I wasn’t expecting to come back to brown ales so soon. When I took over the Beer Barrel, my first review was of Abita Turbodog, my favorite brown ale and one of the few beers in that style that I don’t think are completely boring. I’m sorry! I’m sure there are a lot of brown ale fans out there, because brown ales tend to be highly drinkable, approachable, and sweet. The trouble is that a lot of them tend to be only those things, and the sort of one-note sweetness that many breweries seem content to deliver is… well, I’m generally looking for more.
So why am I reviewing a brown ale today? Because AleSmith is finally in town.
San Diego’s AleSmith Brewing Company was, until very recently, one of the most highly-regarded breweries not distributing to Texas. Its best-known beer is probably Speedway Stout, a truly awesome imperial coffee stout that I’m not reviewing today because, let’s face it, I write enough about big, fancy beers here. One thing about Speedway, though: It figures prominently in the story of my infamous Ted Stevens Memorial Road Trip To Nowhere, a very stupid three-day episode in which I sat in my car for hours each day, waiting for a UPS truck, because my apartment management had painted over all the numbers on the doors. Anyway, Alesmith Nut Brown!
Now, the appellation “nut brown” is not a statement about the ingredients of a beer; a proper English nut brown ale does not have nuts in it. It’s not a style of beer either. It’s not, as far as my research tells me, even a prescription as to what the beer should taste like. You’ll see a bunch of people saying “nut” or “nutty” in reviews of nut brown ales, but when a brewer tells you they’ve brewed you a nice nut brown ale, all they’re really telling you is that its color will be some particularly attractive, rich shade of brown. Because of this, I’m going to write the entire review from this point on without referencing nuts at all. Not even once. Not even going to say the word.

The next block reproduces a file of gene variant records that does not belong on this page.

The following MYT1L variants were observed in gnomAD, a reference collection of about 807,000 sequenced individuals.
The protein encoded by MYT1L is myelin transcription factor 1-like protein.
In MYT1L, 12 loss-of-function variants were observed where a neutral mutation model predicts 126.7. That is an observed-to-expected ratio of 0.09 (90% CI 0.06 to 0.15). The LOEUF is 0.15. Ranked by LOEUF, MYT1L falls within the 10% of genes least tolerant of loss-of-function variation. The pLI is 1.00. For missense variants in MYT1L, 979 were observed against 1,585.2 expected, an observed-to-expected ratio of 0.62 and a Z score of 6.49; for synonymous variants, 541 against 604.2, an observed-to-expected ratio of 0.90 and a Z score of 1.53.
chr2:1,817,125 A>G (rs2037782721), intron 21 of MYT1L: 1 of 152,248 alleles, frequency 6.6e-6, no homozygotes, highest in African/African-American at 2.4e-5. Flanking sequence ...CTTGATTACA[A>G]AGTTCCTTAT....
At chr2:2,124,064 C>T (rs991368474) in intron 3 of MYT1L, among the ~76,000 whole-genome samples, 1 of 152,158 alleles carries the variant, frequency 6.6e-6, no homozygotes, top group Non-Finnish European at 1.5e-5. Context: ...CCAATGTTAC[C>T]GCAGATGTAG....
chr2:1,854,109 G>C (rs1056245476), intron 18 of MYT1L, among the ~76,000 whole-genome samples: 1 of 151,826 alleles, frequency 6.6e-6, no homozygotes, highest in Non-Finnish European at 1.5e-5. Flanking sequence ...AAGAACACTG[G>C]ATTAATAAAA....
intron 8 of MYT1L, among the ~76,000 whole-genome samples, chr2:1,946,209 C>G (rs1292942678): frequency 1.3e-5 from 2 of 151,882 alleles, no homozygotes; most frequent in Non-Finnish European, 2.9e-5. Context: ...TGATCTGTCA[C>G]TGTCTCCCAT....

AleSmith Nu— shit, that was close. This beer pours a deep brown that may or may not be murky; it’s dark enough that I can’t tell even in the light of the Texas afternoon, but it does have some delightful red highlights. It smells above all like freshly baked brownies, which is never not a good sign of things to come. The beer tastes chocolatey and grainy in roughly equal measure, full-bodied but not exactly heavy. The flavor is a world apart from the generic malt sweetness of your average brown, and it’s not Abita Turbodog’s brown-sugar-and-roast-grain profile either. It’s bold but tasteful; it’s satisfying and comforting. This isn’t a groundbreaking or or mindbending or palate-exploding beer, but it’s nevertheless very much a beer geek’s beer for its complex and surprisingly bold flavor. At the same time, it strikes me as a very strong crowdpleaser. It’s got a similar overall taste to a Shiner Bock or Yuengling, though much amplified. It’ll probably suit your friend who loves the local amber ale but gives no fucks about an IPA. Maybe more than anything else I’ve reviewed, this is a beer for everyone, and if you don’t like it, you’re probably nuts.
lady snow says: I’m napping!
Grade: Honestly one of the best conventional browns you’ll find.
tl;dr: The review’s short enough this time, god dammit.
make it snow is an alot of beer who apologizes for the two-week drought in Beer Barrels, and will be making up for it with another review this Monday. He drank three AleSmith Nut Brown Ales while writing this review. Happy National America Weekend, everyone.